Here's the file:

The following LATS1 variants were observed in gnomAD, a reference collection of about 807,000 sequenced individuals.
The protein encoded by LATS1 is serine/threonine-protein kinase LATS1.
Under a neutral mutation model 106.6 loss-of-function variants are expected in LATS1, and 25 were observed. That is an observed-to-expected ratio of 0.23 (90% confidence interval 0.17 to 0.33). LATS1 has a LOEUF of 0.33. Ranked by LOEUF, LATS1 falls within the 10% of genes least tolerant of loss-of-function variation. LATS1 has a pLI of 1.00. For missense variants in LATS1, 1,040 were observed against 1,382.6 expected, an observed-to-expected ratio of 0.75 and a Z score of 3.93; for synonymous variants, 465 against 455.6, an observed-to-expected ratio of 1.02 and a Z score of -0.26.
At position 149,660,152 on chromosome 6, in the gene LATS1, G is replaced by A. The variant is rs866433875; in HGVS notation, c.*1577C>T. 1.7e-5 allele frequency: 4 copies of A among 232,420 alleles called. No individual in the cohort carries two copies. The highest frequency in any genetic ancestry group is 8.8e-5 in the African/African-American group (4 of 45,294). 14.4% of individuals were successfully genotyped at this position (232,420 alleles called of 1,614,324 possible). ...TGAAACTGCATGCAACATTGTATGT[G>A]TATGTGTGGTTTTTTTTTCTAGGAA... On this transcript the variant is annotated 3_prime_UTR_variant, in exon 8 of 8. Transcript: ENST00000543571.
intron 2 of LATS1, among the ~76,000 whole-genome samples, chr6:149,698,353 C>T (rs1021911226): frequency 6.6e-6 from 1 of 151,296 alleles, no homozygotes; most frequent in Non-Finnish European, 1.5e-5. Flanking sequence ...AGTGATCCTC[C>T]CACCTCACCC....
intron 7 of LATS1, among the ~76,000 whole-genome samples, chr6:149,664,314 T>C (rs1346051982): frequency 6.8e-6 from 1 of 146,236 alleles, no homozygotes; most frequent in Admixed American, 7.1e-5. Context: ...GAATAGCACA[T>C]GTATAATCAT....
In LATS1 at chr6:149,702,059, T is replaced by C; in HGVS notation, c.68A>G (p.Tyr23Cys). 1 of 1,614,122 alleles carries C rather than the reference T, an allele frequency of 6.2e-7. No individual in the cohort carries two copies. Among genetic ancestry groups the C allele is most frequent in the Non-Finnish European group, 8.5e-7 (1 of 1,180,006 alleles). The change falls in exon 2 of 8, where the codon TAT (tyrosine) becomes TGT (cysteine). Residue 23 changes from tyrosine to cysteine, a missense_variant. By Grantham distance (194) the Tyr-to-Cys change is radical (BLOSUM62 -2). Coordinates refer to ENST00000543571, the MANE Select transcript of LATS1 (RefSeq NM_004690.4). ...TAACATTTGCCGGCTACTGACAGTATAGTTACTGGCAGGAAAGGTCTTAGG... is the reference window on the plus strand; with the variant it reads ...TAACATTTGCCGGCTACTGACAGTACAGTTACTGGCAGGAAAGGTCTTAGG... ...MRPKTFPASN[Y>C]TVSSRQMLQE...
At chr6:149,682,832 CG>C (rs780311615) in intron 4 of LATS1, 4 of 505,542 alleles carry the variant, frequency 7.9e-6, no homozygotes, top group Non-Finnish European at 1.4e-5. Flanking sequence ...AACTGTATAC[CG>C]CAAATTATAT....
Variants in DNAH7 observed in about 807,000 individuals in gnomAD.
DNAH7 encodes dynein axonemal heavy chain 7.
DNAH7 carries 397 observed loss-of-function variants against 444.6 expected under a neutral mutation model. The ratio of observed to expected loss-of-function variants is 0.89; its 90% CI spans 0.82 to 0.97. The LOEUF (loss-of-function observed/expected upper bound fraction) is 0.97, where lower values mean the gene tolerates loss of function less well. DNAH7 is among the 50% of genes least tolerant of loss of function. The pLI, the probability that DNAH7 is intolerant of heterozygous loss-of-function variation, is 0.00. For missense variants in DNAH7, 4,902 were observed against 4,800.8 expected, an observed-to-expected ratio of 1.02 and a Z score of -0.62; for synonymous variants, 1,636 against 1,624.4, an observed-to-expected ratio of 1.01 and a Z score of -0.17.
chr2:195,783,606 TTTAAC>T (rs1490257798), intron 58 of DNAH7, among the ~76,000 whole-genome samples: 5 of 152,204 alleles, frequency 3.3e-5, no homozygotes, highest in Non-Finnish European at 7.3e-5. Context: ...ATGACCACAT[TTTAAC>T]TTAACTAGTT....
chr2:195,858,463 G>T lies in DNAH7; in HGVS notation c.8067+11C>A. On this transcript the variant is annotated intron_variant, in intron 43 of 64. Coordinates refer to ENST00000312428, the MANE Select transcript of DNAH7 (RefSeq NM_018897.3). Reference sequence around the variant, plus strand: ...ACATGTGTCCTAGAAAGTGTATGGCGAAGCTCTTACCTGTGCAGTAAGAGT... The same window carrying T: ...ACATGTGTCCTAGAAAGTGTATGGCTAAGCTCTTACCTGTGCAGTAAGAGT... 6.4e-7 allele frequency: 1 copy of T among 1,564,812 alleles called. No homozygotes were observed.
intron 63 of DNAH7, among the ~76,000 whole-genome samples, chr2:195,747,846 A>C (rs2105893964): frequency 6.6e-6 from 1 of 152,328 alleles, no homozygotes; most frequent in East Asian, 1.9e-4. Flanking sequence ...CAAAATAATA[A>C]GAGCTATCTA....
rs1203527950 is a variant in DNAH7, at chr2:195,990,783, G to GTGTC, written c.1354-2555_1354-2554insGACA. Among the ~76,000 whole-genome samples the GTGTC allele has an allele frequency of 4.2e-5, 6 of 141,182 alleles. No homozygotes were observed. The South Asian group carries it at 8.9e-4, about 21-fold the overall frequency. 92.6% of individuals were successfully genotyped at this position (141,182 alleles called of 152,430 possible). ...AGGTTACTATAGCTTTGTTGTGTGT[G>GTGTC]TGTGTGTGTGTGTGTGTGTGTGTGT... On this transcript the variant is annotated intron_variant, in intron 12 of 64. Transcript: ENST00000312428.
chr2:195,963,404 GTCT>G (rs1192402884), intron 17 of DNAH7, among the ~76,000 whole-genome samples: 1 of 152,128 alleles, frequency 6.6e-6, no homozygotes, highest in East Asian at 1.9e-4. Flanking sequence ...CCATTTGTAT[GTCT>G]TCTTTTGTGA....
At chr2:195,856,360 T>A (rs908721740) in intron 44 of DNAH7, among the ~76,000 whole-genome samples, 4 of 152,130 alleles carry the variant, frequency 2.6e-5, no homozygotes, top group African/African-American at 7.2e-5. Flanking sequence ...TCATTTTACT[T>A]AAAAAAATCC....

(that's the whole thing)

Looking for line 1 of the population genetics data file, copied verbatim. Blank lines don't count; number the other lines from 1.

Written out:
The following LATS1 variants were observed in gnomAD, a reference collection of about 807,000 sequenced individuals.